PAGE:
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Journal of Ophthalmology
Volume 2018 (2018), Article ID 4694789, 8 pages
https://doi.org/10.1155/2018/4694789
Review Article

Modern Diagnostic Techniques for the Assessment of Ocular Blood Flow in Myopia: Current State of Knowledge

Department of Ophthalmology, Pomeranian Medical University in Szczecin, Szczecin, Poland

Correspondence should be addressed to Monika Modrzejewska

Received 6 October 2017; Accepted 21 December 2017; Published 21 January 2018

Academic Editor: Malgorzata Mrugacz

Copyright © 2018 Ewa Grudzińska and Monika Modrzejewska. This is an open access article distributed under the Creative Commons Attribution License, which permits unrestricted use, distribution, and reproduction in any medium, provided the original work is properly cited.

Abstract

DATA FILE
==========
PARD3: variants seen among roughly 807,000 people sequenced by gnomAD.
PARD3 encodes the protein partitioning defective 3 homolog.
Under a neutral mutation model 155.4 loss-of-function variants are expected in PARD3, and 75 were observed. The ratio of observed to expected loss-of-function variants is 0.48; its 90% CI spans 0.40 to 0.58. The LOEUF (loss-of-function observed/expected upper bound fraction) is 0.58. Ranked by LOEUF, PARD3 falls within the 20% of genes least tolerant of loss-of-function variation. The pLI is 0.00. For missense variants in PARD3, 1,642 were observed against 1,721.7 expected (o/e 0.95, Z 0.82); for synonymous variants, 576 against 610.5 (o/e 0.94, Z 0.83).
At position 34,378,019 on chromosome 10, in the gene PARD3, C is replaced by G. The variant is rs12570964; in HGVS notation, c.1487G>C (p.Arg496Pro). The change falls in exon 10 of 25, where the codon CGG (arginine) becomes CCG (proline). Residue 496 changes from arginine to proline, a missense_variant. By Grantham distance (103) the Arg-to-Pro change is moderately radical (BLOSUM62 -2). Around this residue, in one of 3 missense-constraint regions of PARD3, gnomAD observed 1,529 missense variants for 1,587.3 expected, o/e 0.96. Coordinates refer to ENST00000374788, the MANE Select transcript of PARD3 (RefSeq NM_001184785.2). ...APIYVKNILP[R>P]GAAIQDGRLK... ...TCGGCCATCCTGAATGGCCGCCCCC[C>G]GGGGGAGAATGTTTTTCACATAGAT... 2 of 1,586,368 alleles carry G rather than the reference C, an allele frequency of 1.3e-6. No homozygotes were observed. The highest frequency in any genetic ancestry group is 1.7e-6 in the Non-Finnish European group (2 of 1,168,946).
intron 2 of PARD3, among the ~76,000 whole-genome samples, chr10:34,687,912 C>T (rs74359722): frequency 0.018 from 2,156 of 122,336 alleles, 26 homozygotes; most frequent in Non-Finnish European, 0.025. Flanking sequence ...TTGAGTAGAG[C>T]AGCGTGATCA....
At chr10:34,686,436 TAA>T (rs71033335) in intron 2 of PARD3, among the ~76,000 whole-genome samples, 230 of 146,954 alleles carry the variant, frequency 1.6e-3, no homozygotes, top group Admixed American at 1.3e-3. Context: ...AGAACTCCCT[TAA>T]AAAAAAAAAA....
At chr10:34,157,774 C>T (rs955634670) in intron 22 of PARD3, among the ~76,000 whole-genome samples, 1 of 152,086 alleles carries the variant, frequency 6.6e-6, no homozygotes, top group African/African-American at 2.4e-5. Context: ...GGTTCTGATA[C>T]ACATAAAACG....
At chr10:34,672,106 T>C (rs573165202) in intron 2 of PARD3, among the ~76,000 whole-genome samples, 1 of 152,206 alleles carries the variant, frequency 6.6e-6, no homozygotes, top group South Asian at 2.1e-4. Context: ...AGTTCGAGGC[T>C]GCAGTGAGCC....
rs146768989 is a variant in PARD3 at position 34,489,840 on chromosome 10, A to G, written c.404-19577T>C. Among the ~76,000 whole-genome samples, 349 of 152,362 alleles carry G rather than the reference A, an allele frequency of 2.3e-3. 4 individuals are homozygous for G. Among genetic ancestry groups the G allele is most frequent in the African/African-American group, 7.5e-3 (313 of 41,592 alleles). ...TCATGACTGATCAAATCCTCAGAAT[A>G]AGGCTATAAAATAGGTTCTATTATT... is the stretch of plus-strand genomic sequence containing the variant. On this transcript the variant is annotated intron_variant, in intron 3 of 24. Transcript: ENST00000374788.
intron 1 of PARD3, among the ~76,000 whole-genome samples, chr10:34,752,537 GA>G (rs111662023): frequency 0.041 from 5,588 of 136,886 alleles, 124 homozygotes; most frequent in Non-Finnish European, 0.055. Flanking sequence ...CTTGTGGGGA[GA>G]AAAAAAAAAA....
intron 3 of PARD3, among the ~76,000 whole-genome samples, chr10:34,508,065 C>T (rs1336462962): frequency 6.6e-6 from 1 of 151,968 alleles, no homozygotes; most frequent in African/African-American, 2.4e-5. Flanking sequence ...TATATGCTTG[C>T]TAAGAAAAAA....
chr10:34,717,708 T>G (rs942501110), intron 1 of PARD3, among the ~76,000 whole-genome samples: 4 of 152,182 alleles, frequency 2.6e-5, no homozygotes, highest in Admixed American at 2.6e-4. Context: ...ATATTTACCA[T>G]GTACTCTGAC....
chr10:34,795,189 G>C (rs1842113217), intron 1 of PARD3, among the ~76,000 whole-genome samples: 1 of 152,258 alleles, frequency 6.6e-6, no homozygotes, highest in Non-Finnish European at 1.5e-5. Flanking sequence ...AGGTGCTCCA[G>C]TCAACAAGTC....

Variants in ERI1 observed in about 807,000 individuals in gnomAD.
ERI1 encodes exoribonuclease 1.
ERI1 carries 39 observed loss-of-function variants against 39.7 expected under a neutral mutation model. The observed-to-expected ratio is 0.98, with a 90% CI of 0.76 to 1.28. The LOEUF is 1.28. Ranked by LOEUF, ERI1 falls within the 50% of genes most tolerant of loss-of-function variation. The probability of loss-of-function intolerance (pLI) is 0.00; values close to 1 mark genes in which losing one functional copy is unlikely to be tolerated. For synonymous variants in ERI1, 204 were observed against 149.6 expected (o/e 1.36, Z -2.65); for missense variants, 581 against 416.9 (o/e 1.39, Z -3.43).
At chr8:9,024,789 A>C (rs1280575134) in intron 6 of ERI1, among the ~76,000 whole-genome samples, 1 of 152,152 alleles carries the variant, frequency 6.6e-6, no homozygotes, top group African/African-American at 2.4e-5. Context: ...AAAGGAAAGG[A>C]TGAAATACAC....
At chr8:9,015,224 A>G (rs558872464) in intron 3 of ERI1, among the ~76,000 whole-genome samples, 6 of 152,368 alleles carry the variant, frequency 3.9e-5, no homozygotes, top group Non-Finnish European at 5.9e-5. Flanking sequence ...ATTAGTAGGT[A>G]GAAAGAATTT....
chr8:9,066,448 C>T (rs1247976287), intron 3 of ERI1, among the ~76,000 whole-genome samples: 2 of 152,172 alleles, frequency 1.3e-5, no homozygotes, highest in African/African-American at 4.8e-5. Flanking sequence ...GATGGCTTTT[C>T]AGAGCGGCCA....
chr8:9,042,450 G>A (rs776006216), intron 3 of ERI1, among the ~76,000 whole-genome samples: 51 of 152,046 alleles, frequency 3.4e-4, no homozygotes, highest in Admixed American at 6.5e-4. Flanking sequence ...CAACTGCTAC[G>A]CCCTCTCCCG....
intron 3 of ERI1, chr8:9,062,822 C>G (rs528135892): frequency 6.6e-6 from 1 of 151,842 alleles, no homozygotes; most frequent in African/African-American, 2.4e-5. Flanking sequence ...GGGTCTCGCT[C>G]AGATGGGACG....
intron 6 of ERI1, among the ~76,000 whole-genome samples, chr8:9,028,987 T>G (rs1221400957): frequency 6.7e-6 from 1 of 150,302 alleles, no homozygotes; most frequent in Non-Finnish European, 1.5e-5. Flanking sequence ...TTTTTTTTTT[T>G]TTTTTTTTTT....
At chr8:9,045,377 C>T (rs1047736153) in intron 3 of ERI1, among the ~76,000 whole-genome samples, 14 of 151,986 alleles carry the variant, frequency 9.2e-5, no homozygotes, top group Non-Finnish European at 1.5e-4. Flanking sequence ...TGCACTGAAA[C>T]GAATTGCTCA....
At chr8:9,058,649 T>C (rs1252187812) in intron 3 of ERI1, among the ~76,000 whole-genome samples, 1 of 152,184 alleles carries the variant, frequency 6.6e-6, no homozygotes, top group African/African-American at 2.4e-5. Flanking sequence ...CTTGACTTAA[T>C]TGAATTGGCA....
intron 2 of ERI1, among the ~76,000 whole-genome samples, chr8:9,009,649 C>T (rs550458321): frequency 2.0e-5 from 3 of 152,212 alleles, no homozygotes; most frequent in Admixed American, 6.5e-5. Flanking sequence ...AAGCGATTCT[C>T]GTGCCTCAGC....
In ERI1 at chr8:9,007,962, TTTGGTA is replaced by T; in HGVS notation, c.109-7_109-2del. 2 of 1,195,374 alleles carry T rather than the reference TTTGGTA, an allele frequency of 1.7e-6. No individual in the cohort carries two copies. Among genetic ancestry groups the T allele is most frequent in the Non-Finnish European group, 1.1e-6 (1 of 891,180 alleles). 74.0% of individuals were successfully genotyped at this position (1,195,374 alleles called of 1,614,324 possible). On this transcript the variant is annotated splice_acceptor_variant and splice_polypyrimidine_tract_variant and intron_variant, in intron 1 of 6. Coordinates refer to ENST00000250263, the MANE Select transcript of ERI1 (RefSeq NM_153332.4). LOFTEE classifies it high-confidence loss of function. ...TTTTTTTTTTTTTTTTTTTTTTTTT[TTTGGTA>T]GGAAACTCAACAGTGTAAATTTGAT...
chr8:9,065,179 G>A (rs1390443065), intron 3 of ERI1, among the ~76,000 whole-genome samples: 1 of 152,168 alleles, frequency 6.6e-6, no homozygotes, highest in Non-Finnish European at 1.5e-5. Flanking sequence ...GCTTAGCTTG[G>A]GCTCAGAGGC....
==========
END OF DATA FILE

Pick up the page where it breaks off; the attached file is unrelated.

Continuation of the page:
Myopia is the most common refractive error and the subject of interest of various studies assessing ocular blood flow. Increasing refractive error and axial elongation of the eye result in the stretching and thinning of the scleral, choroid, and retinal tissues and the decrease in retinal vessel diameter, disturbing ocular blood flow. Local and systemic factors known to change ocular blood flow include glaucoma, medications and fluctuations in intraocular pressure, and metabolic parameters. Techniques and tools assessing ocular blood flow include, among others, laser Doppler flowmetry (LDF), retinal function imager (RFI), laser speckle contrast imaging (LSCI), magnetic resonance imaging (MRI), optical coherence tomography angiography (OCTA), pulsatile ocular blood flowmeter (POBF), fundus pulsation amplitude (FPA), colour Doppler imaging (CDI), and Doppler optical coherence tomography (DOCT). Many researchers consistently reported lower blood flow parameters in myopic eyes regardless of the used diagnostic method. It is unclear whether this is a primary change that causes secondary thinning of ocular tissues or quite the opposite; that is, the mechanical stretching of the eye wall reduces its thickness and causes a secondary lower demand of tissues for oxygen. This paper presents a review of studies assessing ocular blood flow in myopes.